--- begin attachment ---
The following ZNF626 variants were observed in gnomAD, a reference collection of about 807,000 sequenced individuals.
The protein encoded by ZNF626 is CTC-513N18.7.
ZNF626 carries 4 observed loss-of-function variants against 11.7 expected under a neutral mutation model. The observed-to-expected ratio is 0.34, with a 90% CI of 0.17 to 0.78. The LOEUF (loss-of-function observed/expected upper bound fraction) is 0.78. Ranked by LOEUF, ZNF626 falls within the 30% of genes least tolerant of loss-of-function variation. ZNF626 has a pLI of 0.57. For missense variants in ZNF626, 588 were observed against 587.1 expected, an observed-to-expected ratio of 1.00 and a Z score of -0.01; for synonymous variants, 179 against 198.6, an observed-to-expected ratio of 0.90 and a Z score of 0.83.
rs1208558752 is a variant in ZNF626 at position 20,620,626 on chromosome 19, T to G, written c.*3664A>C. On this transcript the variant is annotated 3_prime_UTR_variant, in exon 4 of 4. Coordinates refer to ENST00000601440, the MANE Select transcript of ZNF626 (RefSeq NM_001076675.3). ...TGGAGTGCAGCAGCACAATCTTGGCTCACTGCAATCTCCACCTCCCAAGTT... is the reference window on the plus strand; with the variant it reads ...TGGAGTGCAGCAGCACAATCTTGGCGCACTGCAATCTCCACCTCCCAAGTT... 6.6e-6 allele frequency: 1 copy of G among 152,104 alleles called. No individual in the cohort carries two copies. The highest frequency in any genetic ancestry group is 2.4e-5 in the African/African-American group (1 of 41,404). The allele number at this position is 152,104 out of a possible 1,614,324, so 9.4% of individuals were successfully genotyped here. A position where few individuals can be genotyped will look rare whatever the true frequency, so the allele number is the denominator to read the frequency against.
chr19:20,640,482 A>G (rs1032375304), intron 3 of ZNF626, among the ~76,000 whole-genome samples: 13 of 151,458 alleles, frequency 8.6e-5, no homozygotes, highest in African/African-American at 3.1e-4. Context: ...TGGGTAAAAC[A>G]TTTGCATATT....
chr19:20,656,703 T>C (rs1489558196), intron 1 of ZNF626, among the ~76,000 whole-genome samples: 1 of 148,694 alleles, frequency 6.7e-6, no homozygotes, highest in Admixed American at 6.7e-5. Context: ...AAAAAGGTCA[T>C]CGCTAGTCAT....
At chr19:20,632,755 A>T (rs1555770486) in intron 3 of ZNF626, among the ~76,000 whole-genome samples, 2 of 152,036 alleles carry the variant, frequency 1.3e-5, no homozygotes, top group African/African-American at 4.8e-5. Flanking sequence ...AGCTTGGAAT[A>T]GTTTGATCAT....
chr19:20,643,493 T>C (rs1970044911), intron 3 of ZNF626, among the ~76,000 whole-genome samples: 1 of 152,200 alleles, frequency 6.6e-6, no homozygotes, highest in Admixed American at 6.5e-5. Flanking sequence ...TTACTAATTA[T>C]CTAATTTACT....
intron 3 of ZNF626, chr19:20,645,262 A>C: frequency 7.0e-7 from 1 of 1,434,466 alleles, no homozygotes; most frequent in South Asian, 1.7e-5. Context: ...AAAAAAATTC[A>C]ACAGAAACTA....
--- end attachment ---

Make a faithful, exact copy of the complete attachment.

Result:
The following ZNF626 variants were observed in gnomAD, a reference collection of about 807,000 sequenced individuals.
The protein encoded by ZNF626 is CTC-513N18.7.
ZNF626 carries 4 observed loss-of-function variants against 11.7 expected under a neutral mutation model. The observed-to-expected ratio is 0.34, with a 90% CI of 0.17 to 0.78. The LOEUF (loss-of-function observed/expected upper bound fraction) is 0.78. Ranked by LOEUF, ZNF626 falls within the 30% of genes least tolerant of loss-of-function variation. ZNF626 has a pLI of 0.57. For missense variants in ZNF626, 588 were observed against 587.1 expected, an observed-to-expected ratio of 1.00 and a Z score of -0.01; for synonymous variants, 179 against 198.6, an observed-to-expected ratio of 0.90 and a Z score of 0.83.
rs1208558752 is a variant in ZNF626 at position 20,620,626 on chromosome 19, T to G, written c.*3664A>C. On this transcript the variant is annotated 3_prime_UTR_variant, in exon 4 of 4. Coordinates refer to ENST00000601440, the MANE Select transcript of ZNF626 (RefSeq NM_001076675.3). ...TGGAGTGCAGCAGCACAATCTTGGCTCACTGCAATCTCCACCTCCCAAGTT... is the reference window on the plus strand; with the variant it reads ...TGGAGTGCAGCAGCACAATCTTGGCGCACTGCAATCTCCACCTCCCAAGTT... 6.6e-6 allele frequency: 1 copy of G among 152,104 alleles called. No individual in the cohort carries two copies. The highest frequency in any genetic ancestry group is 2.4e-5 in the African/African-American group (1 of 41,404). The allele number at this position is 152,104 out of a possible 1,614,324, so 9.4% of individuals were successfully genotyped here. A position where few individuals can be genotyped will look rare whatever the true frequency, so the allele number is the denominator to read the frequency against.
chr19:20,640,482 A>G (rs1032375304), intron 3 of ZNF626, among the ~76,000 whole-genome samples: 13 of 151,458 alleles, frequency 8.6e-5, no homozygotes, highest in African/African-American at 3.1e-4. Context: ...TGGGTAAAAC[A>G]TTTGCATATT....
chr19:20,656,703 T>C (rs1489558196), intron 1 of ZNF626, among the ~76,000 whole-genome samples: 1 of 148,694 alleles, frequency 6.7e-6, no homozygotes, highest in Admixed American at 6.7e-5. Context: ...AAAAAGGTCA[T>C]CGCTAGTCAT....
At chr19:20,632,755 A>T (rs1555770486) in intron 3 of ZNF626, among the ~76,000 whole-genome samples, 2 of 152,036 alleles carry the variant, frequency 1.3e-5, no homozygotes, top group African/African-American at 4.8e-5. Flanking sequence ...AGCTTGGAAT[A>T]GTTTGATCAT....
chr19:20,643,493 T>C (rs1970044911), intron 3 of ZNF626, among the ~76,000 whole-genome samples: 1 of 152,200 alleles, frequency 6.6e-6, no homozygotes, highest in Admixed American at 6.5e-5. Flanking sequence ...TTACTAATTA[T>C]CTAATTTACT....
intron 3 of ZNF626, chr19:20,645,262 A>C: frequency 7.0e-7 from 1 of 1,434,466 alleles, no homozygotes; most frequent in South Asian, 1.7e-5. Context: ...AAAAAAATTC[A>C]ACAGAAACTA....